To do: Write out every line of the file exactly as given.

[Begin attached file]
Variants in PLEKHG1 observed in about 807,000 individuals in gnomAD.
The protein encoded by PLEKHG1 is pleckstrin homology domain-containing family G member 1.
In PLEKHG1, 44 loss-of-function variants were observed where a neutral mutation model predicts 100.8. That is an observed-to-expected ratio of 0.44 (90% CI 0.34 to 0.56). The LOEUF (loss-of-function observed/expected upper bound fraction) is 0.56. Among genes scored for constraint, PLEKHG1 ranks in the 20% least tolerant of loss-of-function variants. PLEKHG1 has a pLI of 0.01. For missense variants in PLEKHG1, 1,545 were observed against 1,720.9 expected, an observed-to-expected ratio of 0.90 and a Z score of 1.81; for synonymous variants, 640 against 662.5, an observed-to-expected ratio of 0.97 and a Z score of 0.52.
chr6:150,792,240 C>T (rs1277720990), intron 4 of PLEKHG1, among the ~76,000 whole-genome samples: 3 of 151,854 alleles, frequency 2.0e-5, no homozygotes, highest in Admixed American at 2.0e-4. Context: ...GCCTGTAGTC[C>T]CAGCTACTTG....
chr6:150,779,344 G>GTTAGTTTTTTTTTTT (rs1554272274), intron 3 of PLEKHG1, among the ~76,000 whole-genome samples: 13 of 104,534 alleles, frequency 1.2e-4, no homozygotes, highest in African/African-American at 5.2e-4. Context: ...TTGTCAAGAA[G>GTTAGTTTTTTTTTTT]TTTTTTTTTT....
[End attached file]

Variants in PLEKHG1 observed in about 807,000 individuals in gnomAD.
The protein encoded by PLEKHG1 is pleckstrin homology domain-containing family G member 1.
In PLEKHG1, 44 loss-of-function variants were observed where a neutral mutation model predicts 100.8. That is an observed-to-expected ratio of 0.44 (90% CI 0.34 to 0.56). The LOEUF (loss-of-function observed/expected upper bound fraction) is 0.56. Among genes scored for constraint, PLEKHG1 ranks in the 20% least tolerant of loss-of-function variants. PLEKHG1 has a pLI of 0.01. For missense variants in PLEKHG1, 1,545 were observed against 1,720.9 expected, an observed-to-expected ratio of 0.90 and a Z score of 1.81; for synonymous variants, 640 against 662.5, an observed-to-expected ratio of 0.97 and a Z score of 0.52.
chr6:150,792,240 C>T (rs1277720990), intron 4 of PLEKHG1, among the ~76,000 whole-genome samples: 3 of 151,854 alleles, frequency 2.0e-5, no homozygotes, highest in Admixed American at 2.0e-4. Context: ...GCCTGTAGTC[C>T]CAGCTACTTG....
chr6:150,779,344 G>GTTAGTTTTTTTTTTT (rs1554272274), intron 3 of PLEKHG1, among the ~76,000 whole-genome samples: 13 of 104,534 alleles, frequency 1.2e-4, no homozygotes, highest in African/African-American at 5.2e-4. Context: ...TTGTCAAGAA[G>GTTAGTTTTTTTTTTT]TTTTTTTTTT....